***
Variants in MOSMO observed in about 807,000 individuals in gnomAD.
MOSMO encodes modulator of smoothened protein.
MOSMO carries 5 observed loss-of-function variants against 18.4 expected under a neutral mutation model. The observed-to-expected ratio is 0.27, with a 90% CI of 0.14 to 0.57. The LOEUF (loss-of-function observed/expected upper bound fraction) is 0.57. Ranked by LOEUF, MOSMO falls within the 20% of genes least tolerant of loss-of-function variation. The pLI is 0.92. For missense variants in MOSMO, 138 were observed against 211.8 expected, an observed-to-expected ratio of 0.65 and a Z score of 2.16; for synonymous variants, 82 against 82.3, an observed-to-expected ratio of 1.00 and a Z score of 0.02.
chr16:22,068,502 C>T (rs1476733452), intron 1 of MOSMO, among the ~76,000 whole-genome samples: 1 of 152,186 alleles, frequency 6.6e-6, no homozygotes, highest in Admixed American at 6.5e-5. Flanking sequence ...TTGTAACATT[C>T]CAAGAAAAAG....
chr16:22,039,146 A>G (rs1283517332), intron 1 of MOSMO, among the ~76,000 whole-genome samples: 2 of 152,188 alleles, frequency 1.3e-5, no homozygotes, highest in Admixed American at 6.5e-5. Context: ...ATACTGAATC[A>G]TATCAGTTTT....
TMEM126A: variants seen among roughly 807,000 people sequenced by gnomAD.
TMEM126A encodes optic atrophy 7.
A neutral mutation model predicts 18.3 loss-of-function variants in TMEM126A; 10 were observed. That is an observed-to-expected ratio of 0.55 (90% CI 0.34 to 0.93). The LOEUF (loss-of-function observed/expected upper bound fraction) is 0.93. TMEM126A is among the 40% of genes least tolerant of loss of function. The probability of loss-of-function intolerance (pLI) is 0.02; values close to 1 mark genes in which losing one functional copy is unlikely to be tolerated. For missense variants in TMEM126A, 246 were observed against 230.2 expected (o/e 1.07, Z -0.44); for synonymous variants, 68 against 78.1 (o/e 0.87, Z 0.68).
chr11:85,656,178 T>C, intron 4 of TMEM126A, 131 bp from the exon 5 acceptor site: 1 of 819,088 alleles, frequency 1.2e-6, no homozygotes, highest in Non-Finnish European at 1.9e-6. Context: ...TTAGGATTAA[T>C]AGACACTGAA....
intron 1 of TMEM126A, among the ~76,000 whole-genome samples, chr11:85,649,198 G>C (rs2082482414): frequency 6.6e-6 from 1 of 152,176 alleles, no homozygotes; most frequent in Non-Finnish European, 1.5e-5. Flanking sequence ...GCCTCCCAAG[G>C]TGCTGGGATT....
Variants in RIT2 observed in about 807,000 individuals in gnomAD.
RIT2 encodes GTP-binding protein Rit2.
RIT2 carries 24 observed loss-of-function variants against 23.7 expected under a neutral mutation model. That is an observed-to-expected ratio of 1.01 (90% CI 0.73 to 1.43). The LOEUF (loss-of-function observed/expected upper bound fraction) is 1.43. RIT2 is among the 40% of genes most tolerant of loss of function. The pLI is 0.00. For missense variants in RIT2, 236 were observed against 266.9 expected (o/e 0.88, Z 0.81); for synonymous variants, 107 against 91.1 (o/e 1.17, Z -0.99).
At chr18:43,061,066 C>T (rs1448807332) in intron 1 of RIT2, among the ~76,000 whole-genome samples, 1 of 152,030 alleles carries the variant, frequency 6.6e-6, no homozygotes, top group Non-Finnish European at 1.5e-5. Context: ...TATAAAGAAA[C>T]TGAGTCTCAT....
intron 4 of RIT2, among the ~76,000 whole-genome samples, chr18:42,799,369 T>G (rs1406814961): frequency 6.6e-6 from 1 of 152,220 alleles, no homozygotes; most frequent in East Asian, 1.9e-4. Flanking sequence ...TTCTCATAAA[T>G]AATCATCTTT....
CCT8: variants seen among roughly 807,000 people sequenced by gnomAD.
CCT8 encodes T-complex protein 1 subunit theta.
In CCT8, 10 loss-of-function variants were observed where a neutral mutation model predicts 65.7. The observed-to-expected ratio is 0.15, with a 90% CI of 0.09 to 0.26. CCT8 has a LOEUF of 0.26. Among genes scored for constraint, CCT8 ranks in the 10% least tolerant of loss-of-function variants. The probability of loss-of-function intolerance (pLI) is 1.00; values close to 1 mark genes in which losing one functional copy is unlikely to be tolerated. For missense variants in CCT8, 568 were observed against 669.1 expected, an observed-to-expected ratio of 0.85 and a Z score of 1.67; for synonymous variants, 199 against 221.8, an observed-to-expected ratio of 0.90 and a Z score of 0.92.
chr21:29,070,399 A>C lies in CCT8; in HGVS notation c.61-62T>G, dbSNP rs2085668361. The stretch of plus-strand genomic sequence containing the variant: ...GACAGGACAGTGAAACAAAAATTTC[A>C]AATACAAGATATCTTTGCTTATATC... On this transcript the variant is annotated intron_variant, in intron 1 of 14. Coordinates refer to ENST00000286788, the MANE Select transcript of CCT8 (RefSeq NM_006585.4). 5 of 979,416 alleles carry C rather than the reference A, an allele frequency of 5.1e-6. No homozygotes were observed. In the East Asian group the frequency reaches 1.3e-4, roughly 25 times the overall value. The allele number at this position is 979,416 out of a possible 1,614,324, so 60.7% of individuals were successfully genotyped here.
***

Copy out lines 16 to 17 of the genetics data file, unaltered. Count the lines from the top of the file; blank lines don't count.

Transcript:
CCT8: variants seen among roughly 807,000 people sequenced by gnomAD.
CCT8 encodes T-complex protein 1 subunit theta.